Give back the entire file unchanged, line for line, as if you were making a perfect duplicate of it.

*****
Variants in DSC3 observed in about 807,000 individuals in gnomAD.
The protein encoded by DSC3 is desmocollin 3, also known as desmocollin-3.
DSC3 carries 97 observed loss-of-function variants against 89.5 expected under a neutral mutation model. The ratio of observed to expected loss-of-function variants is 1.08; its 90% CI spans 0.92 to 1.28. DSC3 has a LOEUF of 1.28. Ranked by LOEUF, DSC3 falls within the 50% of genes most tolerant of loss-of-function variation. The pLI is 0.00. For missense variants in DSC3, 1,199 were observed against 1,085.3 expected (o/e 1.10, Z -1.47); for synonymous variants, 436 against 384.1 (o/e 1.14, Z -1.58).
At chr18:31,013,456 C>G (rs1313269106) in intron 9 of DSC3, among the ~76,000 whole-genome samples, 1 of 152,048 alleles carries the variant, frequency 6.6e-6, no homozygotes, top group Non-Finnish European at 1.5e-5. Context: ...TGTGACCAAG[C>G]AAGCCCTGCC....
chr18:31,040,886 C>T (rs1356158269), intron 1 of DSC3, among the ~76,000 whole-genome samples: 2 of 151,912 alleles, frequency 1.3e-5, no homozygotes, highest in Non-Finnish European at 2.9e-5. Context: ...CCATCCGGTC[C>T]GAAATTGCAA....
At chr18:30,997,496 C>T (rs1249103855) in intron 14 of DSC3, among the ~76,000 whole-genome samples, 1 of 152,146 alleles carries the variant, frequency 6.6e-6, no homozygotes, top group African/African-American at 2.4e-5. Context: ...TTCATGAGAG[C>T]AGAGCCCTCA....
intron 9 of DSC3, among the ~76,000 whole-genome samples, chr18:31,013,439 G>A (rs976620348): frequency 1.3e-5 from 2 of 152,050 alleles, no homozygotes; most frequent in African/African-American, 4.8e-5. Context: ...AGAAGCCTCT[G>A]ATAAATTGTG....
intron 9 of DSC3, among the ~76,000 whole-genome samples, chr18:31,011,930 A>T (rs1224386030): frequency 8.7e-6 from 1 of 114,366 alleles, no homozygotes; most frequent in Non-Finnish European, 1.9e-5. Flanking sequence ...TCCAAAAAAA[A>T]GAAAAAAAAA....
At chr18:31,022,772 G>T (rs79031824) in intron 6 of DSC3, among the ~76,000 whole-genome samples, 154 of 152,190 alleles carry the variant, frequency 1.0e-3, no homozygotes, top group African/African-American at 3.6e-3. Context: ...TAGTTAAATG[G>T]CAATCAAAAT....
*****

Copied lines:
Variants in DSC3 observed in about 807,000 individuals in gnomAD.
The protein encoded by DSC3 is desmocollin 3, also known as desmocollin-3.
DSC3 carries 97 observed loss-of-function variants against 89.5 expected under a neutral mutation model. The ratio of observed to expected loss-of-function variants is 1.08; its 90% CI spans 0.92 to 1.28. DSC3 has a LOEUF of 1.28. Ranked by LOEUF, DSC3 falls within the 50% of genes most tolerant of loss-of-function variation. The pLI is 0.00. For missense variants in DSC3, 1,199 were observed against 1,085.3 expected (o/e 1.10, Z -1.47); for synonymous variants, 436 against 384.1 (o/e 1.14, Z -1.58).
At chr18:31,013,456 C>G (rs1313269106) in intron 9 of DSC3, among the ~76,000 whole-genome samples, 1 of 152,048 alleles carries the variant, frequency 6.6e-6, no homozygotes, top group Non-Finnish European at 1.5e-5. Context: ...TGTGACCAAG[C>G]AAGCCCTGCC....
chr18:31,040,886 C>T (rs1356158269), intron 1 of DSC3, among the ~76,000 whole-genome samples: 2 of 151,912 alleles, frequency 1.3e-5, no homozygotes, highest in Non-Finnish European at 2.9e-5. Context: ...CCATCCGGTC[C>T]GAAATTGCAA....
At chr18:30,997,496 C>T (rs1249103855) in intron 14 of DSC3, among the ~76,000 whole-genome samples, 1 of 152,146 alleles carries the variant, frequency 6.6e-6, no homozygotes, top group African/African-American at 2.4e-5. Context: ...TTCATGAGAG[C>T]AGAGCCCTCA....
intron 9 of DSC3, among the ~76,000 whole-genome samples, chr18:31,013,439 G>A (rs976620348): frequency 1.3e-5 from 2 of 152,050 alleles, no homozygotes; most frequent in African/African-American, 4.8e-5. Context: ...AGAAGCCTCT[G>A]ATAAATTGTG....
intron 9 of DSC3, among the ~76,000 whole-genome samples, chr18:31,011,930 A>T (rs1224386030): frequency 8.7e-6 from 1 of 114,366 alleles, no homozygotes; most frequent in Non-Finnish European, 1.9e-5. Flanking sequence ...TCCAAAAAAA[A>T]GAAAAAAAAA....
At chr18:31,022,772 G>T (rs79031824) in intron 6 of DSC3, among the ~76,000 whole-genome samples, 154 of 152,190 alleles carry the variant, frequency 1.0e-3, no homozygotes, top group African/African-American at 3.6e-3. Context: ...TAGTTAAATG[G>T]CAATCAAAAT....